Mieko Osanai, representative director of JHP
This month's Close UP features Japan Team of Young Human Power (JHP), an international nonprofit organization aiming to contribute to the betterment of education mainly in Cambodia. Since its establishment in 1993, JHP has been not only active in building schools and promoting music and art education in Cambodia but has also provided various support to victims of conflicts and disasters as well as their communities. Until today, JHP has sent as many as 1,500 volunteer members to different countries in need. The organization is represented by Mieko Osanai, who is best known in Japan as a script writer for the popular TV drama series, Sannen B-gumi Kinpachi Sensei. Since 2006, JHP has also been running Mieko Osanai International Volunteer College, an educational program for students and adults who are willing to learn and have actual experiences in international understanding and cooperation activities. For this interview, we visited Mrs. Osanai at the JHP office in Minato City and asked her to speak of the history of the organization and also the future prospective of the International Volunteer College, which is starting its seventh year this September.
Please tell us how you first became involved in international cooperation activities.
In 1990, as the Gulf Crisis occurres after Iraq attacked Kuwait, the international communities sent a multinational force joined by the U.S. and other countries to Saudi Arabia. Japan, however, chose not to take part of it, because of its constitution that explicitly says we will not fight in wars anymore. The country gave considerable financial support instead, which, however, was harshly criticized by other countries insisting that Japan only pays money so that it can stay away from the shedding of blood and sweat. I thought such criticism is unfair for us. And one day, I saw a small article in the newspaper about a group of Japanese college students who visited a refugee camp in Jordan. I was able to meet the person who arranged the visit, who encouraged me to go to Jordan to tell people at the camp that the world had not given up on them. I was 60 years old then and had nothing that would restrain me from going--I had just lost my mother, my grownup son had left the house, and I just finished writing scripts for the major TV drama series. So I decided to go for an experience.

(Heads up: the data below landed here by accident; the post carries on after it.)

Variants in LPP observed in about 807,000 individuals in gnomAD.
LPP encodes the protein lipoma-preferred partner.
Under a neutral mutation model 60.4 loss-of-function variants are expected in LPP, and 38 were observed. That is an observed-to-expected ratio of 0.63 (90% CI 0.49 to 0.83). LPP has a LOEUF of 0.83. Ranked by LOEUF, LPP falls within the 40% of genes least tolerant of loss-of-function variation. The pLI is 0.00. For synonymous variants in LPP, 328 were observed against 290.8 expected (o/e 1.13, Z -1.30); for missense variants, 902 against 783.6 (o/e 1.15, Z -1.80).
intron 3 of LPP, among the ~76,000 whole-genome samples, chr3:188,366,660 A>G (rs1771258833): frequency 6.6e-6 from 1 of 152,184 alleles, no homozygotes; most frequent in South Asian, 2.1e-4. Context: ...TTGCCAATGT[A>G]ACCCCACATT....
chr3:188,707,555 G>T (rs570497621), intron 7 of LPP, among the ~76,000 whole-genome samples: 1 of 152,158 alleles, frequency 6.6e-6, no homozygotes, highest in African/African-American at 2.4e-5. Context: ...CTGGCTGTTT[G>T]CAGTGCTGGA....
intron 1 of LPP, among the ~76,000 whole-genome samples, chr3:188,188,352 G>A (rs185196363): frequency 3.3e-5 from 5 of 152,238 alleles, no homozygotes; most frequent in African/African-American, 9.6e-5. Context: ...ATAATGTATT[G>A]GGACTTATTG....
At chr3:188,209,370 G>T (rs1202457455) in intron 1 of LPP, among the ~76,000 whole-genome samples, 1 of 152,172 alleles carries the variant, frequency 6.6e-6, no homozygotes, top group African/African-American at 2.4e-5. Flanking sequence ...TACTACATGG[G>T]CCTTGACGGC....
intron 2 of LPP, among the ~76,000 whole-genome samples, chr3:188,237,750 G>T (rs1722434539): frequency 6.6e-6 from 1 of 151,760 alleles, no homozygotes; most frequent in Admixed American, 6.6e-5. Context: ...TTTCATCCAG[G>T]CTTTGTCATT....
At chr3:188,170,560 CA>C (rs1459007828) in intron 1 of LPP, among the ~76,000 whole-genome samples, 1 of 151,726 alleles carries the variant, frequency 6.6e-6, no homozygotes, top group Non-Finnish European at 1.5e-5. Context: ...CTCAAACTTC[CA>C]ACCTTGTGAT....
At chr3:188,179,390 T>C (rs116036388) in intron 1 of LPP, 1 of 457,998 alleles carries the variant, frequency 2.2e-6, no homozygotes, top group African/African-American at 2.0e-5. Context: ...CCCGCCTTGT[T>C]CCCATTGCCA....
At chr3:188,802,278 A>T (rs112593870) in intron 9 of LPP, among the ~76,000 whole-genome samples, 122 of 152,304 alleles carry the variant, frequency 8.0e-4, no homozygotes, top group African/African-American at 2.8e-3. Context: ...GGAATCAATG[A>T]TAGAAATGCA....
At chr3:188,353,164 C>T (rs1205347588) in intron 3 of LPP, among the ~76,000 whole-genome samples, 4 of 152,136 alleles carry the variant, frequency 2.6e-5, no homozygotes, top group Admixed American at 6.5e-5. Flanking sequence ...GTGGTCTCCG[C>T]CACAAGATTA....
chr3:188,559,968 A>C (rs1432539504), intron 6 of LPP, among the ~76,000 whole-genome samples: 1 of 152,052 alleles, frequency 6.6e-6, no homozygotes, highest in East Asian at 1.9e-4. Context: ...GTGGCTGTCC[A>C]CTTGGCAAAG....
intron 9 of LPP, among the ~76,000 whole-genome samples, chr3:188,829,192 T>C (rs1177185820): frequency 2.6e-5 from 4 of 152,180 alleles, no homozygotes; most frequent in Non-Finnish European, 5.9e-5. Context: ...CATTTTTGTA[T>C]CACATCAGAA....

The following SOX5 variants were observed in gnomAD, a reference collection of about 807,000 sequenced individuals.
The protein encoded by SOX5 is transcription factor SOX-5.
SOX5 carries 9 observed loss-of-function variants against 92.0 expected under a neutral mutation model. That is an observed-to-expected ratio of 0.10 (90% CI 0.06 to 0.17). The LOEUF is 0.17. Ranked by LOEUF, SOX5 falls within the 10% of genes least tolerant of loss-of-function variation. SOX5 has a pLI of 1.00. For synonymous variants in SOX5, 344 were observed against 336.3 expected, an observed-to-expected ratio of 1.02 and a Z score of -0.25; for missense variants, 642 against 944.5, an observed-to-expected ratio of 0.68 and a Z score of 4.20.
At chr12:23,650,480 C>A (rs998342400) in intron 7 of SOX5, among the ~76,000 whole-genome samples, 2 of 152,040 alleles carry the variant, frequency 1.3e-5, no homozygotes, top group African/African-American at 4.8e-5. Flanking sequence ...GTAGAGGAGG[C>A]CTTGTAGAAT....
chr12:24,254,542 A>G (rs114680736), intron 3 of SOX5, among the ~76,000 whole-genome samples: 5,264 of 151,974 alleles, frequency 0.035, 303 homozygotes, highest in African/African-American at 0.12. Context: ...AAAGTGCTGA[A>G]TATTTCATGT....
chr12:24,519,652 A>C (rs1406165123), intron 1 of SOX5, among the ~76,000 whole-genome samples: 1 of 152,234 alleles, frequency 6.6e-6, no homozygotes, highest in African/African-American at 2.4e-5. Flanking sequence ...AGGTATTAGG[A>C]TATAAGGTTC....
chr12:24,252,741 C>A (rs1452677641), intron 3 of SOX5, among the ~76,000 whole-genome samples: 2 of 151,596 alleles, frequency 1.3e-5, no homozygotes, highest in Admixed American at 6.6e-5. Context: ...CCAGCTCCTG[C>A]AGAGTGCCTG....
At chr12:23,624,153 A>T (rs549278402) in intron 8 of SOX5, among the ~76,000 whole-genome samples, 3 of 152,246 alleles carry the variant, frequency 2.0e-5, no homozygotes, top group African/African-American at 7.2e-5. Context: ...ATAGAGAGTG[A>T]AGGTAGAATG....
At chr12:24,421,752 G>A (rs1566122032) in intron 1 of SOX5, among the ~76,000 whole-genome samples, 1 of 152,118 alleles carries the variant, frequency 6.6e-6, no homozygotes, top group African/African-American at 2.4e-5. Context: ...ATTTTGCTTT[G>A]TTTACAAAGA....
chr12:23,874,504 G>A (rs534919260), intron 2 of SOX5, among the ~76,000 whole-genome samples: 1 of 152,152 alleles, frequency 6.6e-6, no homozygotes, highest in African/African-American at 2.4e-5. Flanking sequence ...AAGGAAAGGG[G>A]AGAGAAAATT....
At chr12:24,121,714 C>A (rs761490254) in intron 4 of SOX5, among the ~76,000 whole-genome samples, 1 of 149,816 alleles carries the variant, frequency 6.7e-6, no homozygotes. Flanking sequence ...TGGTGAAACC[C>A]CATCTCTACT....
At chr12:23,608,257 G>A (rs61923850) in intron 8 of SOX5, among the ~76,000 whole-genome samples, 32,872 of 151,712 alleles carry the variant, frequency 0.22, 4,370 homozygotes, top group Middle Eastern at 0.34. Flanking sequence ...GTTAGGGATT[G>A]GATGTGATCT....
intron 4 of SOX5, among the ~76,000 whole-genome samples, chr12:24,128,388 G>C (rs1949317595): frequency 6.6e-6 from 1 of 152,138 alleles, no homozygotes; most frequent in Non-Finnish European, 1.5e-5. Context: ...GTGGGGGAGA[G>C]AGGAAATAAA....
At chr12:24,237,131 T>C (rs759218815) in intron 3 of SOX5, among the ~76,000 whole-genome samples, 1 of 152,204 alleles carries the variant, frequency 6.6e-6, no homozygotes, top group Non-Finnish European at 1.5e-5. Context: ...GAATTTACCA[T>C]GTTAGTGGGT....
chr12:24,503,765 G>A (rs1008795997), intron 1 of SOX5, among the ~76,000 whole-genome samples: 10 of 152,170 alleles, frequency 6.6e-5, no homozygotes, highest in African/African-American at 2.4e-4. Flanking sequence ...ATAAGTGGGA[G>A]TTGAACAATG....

JHP office in Shiba, Minato City
Souichi Tanaka, a staff member of
Who else was in your group when you visited the refugee camp in Jordan?
When I called my son and told him that I was going to Jordan, he said he wanted to go too. I didn't like the idea that anything could happen over there to young people like him. But his friend also decided to go, and eventually we became a group of seven, including myself, my friend who is 10 years younger than I, three young guys and two young ladies. I had already planned then that I would find a way someday to tell about my experiences, including how local people accepted us, with my own words to other people. It was the very beginning of the idea of the International Volunteer College.
Participants carefully drill holes at a Volunteer College onsite study
How did your visit to Jordan connect to your next project?
The newspaper reported on our activities in Jordan, and some people who read the article contacted me to ask if I would be interested in working together with them. Those were Atsuyuki Sassa, a specialist of crisis management; Ikuo Hirayama, then the president of the Tokyo National University of Fine Arts and Music; and Hideaki Nitani, an actor. With these members from the same generation, we organized Japan International Rescue Action Committee (JIRAC). We didn't want the world think Japan only brings in money and never wants to get involved, so we thought we should bring in money and then get involved. But the reality was, we were a group of senior citizens in our sixty's. So, one of our members who was a professor at a university told his students about our group and plan and asked if they might be interested in it. To our delight, they agreed to join the group and started making a plan for a visit during summer break. After a number of discussions that followed, we eventually decided to send a group to help a refugee camp on the Iranian side where Kurdish refugees who had fled the Gulf War were sheltered. It was the summer of 1991.
What were the main activities of the group at the refugee camp in Iran?
Participants of Volunteer College onsite study make a circle before they start their work of the day
© JHP Japan Team of Young Human Power
Kurdish people at the camp had been persecuted in Iraq and fled to Iran. As the war had been ended for a while, they wanted to cross the mountains and go back to their villages. The Iranian government wanted to provide such returning refugees with food and other necessities that would help them for a week to ten days. But they didn't have the money to do so due to the extended war between Iran and Iraq. Our support targeted filling that need. We had about 2.5 million yen as a project fund that had been gathered from different sources. With that money, we bought such items as rice, oil, and detergent, and our student members divided them into packages each of which contained items for a single household. We took the packages in bigger sacks to the camp, and each family picked up a package and carried back to home. I think it became a good experience especially for those student volunteers who had never worked overseas before.
How did the student participants react to the activities at the camp?